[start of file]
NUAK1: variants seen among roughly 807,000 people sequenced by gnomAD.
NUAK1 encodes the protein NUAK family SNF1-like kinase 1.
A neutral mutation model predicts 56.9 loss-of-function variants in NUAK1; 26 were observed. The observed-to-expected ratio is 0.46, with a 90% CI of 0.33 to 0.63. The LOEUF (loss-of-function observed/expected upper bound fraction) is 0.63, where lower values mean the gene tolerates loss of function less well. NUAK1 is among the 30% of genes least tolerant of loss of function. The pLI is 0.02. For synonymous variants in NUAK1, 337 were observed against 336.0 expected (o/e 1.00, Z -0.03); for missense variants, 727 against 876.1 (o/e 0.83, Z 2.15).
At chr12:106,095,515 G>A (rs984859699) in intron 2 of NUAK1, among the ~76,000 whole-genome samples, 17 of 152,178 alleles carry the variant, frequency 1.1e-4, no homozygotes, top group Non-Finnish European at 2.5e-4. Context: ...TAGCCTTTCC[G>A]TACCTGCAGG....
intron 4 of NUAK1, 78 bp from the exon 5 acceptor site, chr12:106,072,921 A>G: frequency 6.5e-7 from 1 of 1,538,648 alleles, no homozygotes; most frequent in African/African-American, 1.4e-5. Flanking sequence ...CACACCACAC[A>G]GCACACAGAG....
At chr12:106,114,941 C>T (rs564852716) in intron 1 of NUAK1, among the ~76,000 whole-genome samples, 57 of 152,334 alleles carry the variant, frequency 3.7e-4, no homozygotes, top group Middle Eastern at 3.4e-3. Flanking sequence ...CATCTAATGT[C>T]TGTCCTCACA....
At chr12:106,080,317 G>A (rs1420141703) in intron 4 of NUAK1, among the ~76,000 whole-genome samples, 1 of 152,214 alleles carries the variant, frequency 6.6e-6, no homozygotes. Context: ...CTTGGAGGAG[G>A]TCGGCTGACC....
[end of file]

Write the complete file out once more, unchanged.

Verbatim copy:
NUAK1: variants seen among roughly 807,000 people sequenced by gnomAD.
NUAK1 encodes the protein NUAK family SNF1-like kinase 1.
A neutral mutation model predicts 56.9 loss-of-function variants in NUAK1; 26 were observed. The observed-to-expected ratio is 0.46, with a 90% CI of 0.33 to 0.63. The LOEUF (loss-of-function observed/expected upper bound fraction) is 0.63, where lower values mean the gene tolerates loss of function less well. NUAK1 is among the 30% of genes least tolerant of loss of function. The pLI is 0.02. For synonymous variants in NUAK1, 337 were observed against 336.0 expected (o/e 1.00, Z -0.03); for missense variants, 727 against 876.1 (o/e 0.83, Z 2.15).
At chr12:106,095,515 G>A (rs984859699) in intron 2 of NUAK1, among the ~76,000 whole-genome samples, 17 of 152,178 alleles carry the variant, frequency 1.1e-4, no homozygotes, top group Non-Finnish European at 2.5e-4. Context: ...TAGCCTTTCC[G>A]TACCTGCAGG....
intron 4 of NUAK1, 78 bp from the exon 5 acceptor site, chr12:106,072,921 A>G: frequency 6.5e-7 from 1 of 1,538,648 alleles, no homozygotes; most frequent in African/African-American, 1.4e-5. Flanking sequence ...CACACCACAC[A>G]GCACACAGAG....
At chr12:106,114,941 C>T (rs564852716) in intron 1 of NUAK1, among the ~76,000 whole-genome samples, 57 of 152,334 alleles carry the variant, frequency 3.7e-4, no homozygotes, top group Middle Eastern at 3.4e-3. Flanking sequence ...CATCTAATGT[C>T]TGTCCTCACA....
At chr12:106,080,317 G>A (rs1420141703) in intron 4 of NUAK1, among the ~76,000 whole-genome samples, 1 of 152,214 alleles carries the variant, frequency 6.6e-6, no homozygotes. Context: ...CTTGGAGGAG[G>A]TCGGCTGACC....